Sanctions for non-compliance

High fines are provided for violating the EU AI Act:

  • For companies: up to €30 million or 6% of global turnover
  • For false or misleading information to authorities: up to €10 million or 2% of global turnover

These significant penalties demonstrate that the EU intends to seriously enforce the AI ​​law.

AI innovation and competitiveness

The EU aims to regulate the use of high-risk AI, but also wants to encourage the adoption and investment in AI. Provisions in the law aim to:

  • Promote small-scale providers and users through exemptions and lighter requirements
  • Provide easier access to data needed to train AI systems
  • Allow experimental and open-source AI development
  • Supporting international cooperation on standards

However, some companies have argued that the law could negatively impact the EU’s technological progress and competitiveness. The Commission says it aims to find the right balance between protection and innovation.

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EU versus US approaches to AI regulation

The EU’s comprehensive regulatory approach differs from the sectoral, risk-based approach in the United States.

The main differences include:


  • Horizontal rules covering all sectors
  • Mandatory requirements for high-risk AI
  • Centralized administration


  • Vertical rules for individual sectors
  • Voluntary best practices
  • Decentralized approach

This contrast reflects philosophical disagreements over whether AI requires specific regulations covering all uses.

Criticism and challenges

There has been debate about some provisions of the law, including:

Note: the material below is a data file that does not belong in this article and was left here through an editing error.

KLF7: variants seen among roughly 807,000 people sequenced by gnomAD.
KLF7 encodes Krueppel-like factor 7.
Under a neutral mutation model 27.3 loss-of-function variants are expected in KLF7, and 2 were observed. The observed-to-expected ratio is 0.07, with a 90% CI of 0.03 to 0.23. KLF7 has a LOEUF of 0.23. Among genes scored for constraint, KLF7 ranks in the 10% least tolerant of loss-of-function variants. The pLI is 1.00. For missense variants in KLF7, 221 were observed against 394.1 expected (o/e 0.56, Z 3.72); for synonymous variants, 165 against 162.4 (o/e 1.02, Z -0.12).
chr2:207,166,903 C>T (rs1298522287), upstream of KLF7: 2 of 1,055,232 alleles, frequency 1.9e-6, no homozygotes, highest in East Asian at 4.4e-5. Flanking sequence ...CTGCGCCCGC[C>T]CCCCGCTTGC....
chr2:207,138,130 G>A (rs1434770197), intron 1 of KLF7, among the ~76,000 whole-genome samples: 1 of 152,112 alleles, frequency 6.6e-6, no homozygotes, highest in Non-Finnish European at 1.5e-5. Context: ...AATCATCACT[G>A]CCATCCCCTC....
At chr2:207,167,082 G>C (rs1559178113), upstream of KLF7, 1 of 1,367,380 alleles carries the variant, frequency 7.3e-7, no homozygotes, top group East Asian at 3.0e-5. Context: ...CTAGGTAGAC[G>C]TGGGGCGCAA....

• Broad definitions and risk categories
  • Feasibility for SMEs and startups
  • Costs of compliance and consequences for innovation
  • Enforceability and keeping up with AI developments

Critics argue that the law takes a precautionary approach, which risks stifling innovation. But advocates say building trust is necessary for long-term AI success.

The main challenges will be refining definitions, dealing with fragmentation between Member States and future-proofing regulations.

Next steps for the EU AI Act

The AI ​​law is still a proposal that is undergoing final negotiations between the EU institutions. Key next steps include:

  • The Parliament and the Council are negotiating a common position
  • Further changes possible
  • Final legislative act formally adopted
  • 2-4 years for access to the application
  • European AI Board established
  • National authorities have been designated to monitor implementation

The timeline remains uncertain, but the general direction has been set. The EU AI Act represents a global milestone for AI governance that will be closely watched worldwide.


The EU AI Act establishes groundbreaking regulations on artificial intelligence to ensure it develops responsibly. A nuanced approach is needed, tailored to different levels of risk. The compliance obligations for high-risk AI are significant and aim to uphold fundamental rights. Companies will need to proactively assess their AI practices and systems. With the right balance, the law can enable reliable AI innovation across Europe. But its implementation in the real world will require complex navigation between protection and progress to shape the future of AI.